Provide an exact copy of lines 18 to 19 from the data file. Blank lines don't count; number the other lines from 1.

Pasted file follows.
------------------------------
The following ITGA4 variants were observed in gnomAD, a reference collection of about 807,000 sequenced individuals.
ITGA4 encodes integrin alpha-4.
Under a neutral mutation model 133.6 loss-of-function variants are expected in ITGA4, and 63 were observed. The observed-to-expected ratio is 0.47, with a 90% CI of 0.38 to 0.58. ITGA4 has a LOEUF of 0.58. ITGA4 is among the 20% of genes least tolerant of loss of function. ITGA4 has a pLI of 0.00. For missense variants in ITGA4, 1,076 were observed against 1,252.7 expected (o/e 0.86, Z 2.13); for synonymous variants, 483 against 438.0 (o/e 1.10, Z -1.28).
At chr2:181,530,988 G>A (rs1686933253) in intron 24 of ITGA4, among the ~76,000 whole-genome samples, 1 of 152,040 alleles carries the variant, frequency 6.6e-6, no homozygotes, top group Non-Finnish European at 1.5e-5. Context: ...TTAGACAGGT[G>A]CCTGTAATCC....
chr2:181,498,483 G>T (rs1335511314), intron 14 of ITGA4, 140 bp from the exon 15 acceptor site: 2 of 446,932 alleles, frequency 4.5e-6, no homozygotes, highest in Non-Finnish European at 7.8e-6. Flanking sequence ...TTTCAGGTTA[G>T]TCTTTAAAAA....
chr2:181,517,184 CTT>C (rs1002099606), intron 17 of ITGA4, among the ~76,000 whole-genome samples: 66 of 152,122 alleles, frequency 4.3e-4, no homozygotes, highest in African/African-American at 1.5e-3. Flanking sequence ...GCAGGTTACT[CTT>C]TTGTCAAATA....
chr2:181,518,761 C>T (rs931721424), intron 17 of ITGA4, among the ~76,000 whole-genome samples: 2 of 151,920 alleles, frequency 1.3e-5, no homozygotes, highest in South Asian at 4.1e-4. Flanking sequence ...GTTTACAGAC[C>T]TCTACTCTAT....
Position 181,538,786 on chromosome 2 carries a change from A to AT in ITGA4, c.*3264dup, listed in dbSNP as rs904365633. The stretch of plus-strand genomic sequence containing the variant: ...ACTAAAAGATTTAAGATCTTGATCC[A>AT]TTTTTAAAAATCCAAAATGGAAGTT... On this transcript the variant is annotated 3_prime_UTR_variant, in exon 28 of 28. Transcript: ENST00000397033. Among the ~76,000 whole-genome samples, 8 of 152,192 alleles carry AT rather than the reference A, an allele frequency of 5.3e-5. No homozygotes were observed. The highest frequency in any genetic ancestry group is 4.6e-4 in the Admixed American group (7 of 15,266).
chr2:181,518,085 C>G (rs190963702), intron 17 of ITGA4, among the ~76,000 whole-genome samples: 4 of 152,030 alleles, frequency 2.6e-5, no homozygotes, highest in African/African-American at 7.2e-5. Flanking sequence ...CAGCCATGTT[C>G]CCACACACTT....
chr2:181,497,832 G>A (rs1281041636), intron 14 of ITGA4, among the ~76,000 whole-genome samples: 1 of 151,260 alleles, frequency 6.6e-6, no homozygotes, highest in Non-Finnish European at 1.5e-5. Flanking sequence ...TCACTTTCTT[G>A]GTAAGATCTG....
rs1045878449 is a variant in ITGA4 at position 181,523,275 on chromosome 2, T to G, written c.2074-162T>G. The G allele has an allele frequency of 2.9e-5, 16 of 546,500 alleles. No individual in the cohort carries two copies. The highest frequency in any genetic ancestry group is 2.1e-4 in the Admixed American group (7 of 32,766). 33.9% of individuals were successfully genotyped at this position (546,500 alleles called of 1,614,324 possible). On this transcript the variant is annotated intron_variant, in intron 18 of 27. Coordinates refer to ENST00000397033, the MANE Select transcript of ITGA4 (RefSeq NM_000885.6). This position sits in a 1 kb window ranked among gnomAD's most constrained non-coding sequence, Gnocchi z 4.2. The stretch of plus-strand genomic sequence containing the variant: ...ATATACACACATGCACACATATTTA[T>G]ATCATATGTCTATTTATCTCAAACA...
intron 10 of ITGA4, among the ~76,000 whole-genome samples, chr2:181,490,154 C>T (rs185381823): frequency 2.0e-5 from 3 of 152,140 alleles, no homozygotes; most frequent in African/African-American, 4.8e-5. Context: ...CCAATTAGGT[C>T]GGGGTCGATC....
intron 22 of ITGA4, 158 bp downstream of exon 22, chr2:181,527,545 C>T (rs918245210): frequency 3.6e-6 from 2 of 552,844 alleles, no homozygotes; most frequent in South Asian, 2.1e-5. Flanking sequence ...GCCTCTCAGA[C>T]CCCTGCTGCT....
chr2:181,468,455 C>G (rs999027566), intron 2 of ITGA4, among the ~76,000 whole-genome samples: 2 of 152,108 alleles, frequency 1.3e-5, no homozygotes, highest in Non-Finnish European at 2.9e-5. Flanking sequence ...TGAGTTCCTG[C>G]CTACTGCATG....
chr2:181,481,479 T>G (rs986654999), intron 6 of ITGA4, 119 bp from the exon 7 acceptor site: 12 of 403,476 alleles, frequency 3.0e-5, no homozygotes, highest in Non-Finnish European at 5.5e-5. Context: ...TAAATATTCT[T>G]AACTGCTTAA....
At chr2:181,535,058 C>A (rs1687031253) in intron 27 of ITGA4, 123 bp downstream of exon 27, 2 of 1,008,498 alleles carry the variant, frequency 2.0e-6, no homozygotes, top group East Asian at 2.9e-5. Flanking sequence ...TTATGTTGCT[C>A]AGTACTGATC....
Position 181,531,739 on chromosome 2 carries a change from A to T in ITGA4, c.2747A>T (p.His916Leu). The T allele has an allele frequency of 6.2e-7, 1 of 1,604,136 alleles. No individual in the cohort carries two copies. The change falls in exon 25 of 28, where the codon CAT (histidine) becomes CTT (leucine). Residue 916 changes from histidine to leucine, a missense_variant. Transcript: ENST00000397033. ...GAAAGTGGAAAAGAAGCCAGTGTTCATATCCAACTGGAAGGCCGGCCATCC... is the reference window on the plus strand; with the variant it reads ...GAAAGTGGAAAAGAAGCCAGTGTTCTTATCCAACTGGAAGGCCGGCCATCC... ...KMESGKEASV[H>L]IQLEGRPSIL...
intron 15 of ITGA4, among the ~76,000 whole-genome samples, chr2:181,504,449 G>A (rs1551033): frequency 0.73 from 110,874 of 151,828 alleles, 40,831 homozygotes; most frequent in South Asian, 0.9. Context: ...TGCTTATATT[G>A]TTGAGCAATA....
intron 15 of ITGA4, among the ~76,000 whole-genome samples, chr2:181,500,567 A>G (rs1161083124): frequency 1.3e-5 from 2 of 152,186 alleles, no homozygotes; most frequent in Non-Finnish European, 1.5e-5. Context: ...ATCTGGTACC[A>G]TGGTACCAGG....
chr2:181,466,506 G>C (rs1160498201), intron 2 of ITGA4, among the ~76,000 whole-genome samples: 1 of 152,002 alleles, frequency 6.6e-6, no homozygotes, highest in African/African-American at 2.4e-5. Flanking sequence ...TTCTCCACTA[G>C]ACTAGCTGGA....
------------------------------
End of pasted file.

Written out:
intron 15 of ITGA4, among the ~76,000 whole-genome samples, chr2:181,504,449 G>A (rs1551033): frequency 0.73 from 110,874 of 151,828 alleles, 40,831 homozygotes; most frequent in South Asian, 0.9. Context: ...TGCTTATATT[G>A]TTGAGCAATA....
intron 15 of ITGA4, among the ~76,000 whole-genome samples, chr2:181,500,567 A>G (rs1161083124): frequency 1.3e-5 from 2 of 152,186 alleles, no homozygotes; most frequent in Non-Finnish European, 1.5e-5. Context: ...ATCTGGTACC[A>G]TGGTACCAGG....